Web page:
Like the appearance of new buds on tree branches, one sign of spring is the Allegheny County Democratic Committee endorsement.
And just as those buds will eventually flower, an endorsement controversy may be about to bloom.
This Sunday, county commitee members will migrate to Heinz Field, just like birds winging their way from warmer climes. There they will roost and decide which Democrats to endorse in races up and down the ballot -- from mayor down to district judge.
With one exception.
As you'll see from the County Committee Web site, the endorsement in one particular race -- the magisterial district judge for district 5-3-10 -- will be decided at a special time, in a special location. Committee members from the Lawrenceville wards covered by this district will be making their pick on Saturday, at St. Mary's Lyceum in Lawrenceville.
And who is running for this seat? The often-controversial head of Lawrenceville United, Tony Ceoffe.
Although they need not be lawyers, district judges rule on low-level neighborhood disputes of various kinds. And already CP has heard mutterings among some critics of Ceoffe, whose hard-fisted approach to neighborhood improvement has grated on some, even as others praise him for helping to engineer Lawrenceville's efforts to turn itself around. And some doubters haven't forgotten Ceoffe's involvement in a dispute at a Lawrenceville polling place back in 2007.
Is Ceoffe getting special treatment?
Not so, says Jim Burn, chair of the county committee. The committee is holding a special endorsement, he says, because party officials didn't realize until too late that there was going to be a race in Lawrenceville at all.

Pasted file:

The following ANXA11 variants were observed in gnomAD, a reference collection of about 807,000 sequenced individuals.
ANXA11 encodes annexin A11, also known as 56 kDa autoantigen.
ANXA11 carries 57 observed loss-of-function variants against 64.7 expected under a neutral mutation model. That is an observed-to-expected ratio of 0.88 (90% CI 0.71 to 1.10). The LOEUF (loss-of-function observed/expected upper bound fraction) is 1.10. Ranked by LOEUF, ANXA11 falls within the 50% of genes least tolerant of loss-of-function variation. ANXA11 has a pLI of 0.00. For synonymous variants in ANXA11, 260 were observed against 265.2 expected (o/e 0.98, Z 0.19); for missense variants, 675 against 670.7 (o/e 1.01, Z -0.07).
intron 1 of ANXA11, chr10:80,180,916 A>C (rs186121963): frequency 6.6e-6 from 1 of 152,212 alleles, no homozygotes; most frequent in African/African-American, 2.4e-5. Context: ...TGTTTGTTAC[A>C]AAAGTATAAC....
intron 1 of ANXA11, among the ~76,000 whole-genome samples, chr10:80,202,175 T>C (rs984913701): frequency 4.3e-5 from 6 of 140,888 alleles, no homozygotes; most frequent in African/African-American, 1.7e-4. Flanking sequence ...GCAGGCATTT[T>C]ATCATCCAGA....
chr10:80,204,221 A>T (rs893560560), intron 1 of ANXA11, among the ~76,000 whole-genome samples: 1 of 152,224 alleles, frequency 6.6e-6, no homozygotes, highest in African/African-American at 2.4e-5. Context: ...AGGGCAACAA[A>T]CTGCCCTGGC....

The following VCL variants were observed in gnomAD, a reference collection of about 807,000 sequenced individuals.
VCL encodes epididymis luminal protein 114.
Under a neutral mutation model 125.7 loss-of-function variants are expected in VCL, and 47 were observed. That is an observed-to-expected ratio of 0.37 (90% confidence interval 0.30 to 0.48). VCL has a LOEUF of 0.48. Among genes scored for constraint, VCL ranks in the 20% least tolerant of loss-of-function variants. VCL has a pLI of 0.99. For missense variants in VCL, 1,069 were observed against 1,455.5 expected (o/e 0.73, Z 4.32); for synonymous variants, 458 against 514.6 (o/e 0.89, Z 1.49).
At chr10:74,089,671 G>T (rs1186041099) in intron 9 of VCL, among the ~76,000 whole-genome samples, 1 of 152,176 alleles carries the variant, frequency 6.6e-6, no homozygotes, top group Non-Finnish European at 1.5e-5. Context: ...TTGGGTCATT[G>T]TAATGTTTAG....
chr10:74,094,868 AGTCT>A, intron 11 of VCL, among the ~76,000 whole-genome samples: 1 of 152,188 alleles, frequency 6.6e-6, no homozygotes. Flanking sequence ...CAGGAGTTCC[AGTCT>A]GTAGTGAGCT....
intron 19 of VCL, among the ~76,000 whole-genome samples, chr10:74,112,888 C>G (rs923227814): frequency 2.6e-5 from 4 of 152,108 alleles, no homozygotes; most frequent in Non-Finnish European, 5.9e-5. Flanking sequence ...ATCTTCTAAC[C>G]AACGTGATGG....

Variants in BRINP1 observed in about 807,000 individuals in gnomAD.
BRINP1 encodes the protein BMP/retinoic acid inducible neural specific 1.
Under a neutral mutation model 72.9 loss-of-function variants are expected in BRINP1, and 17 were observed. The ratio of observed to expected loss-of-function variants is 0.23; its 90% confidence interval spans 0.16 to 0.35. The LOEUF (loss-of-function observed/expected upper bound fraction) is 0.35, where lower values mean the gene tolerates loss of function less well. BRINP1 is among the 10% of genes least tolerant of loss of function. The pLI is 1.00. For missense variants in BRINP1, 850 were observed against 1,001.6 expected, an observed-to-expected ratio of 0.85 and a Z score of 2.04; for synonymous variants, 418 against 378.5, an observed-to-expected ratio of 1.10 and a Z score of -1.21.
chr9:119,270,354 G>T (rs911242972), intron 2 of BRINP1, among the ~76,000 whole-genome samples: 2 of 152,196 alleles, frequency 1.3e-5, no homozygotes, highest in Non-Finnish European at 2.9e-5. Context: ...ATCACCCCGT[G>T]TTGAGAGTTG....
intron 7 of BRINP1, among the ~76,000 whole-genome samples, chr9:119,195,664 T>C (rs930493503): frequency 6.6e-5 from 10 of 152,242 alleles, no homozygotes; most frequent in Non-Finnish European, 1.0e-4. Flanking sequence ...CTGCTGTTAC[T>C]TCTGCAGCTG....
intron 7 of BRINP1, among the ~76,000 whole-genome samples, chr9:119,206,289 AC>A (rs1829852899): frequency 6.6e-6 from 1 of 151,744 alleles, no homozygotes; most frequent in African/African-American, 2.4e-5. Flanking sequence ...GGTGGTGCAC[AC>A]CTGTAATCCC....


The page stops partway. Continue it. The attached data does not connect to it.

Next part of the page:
"We had this race down in our books for being held in 2011," Burn says. (Indeed, the last time this seat was up for grabs was 2005, and magistrates serve 6-year terms.) Incumbent Eugene Zielmanski
decided to step down (UPDATE: Zielmanski had to vacate the office because of age requirements; see comments below), but due in part to miscommunications with the Department of Elections, Burn says, "We weren't made aware of the Lawrenceville race until we already put the candidates in the electronic voting machines."
So Burn decided to hold a special endorsement meeting for this race alone, sequestering it from the regular endorsement process. He did so, he says, in part to avoid opening a "Pandora's box" in which other candidates, who missed deadlines for seeking the endorsement in their races, would seek special treatment.
So far, Ceoffe is the only person to have filed a letter of intent seeking the endorsement. Which means, of course, that Ceoffe is the only person who currently stands to benefit from this weekend's only special endorsement process. Which, yeah, sounds a little suspicious even to a trusting soul like me.
But Burn says that because of the snafu, the deadline for notifying the party has been extended in this race until tomorrow at 5 p.m. That is made clear on the party Web site, he points out. "One candidate in particular should get down there right away," he said -- referring to Susan Banahasky, who plans to oppose Ceoffe but who hasn't notified the party of an intention to seek the endorsement.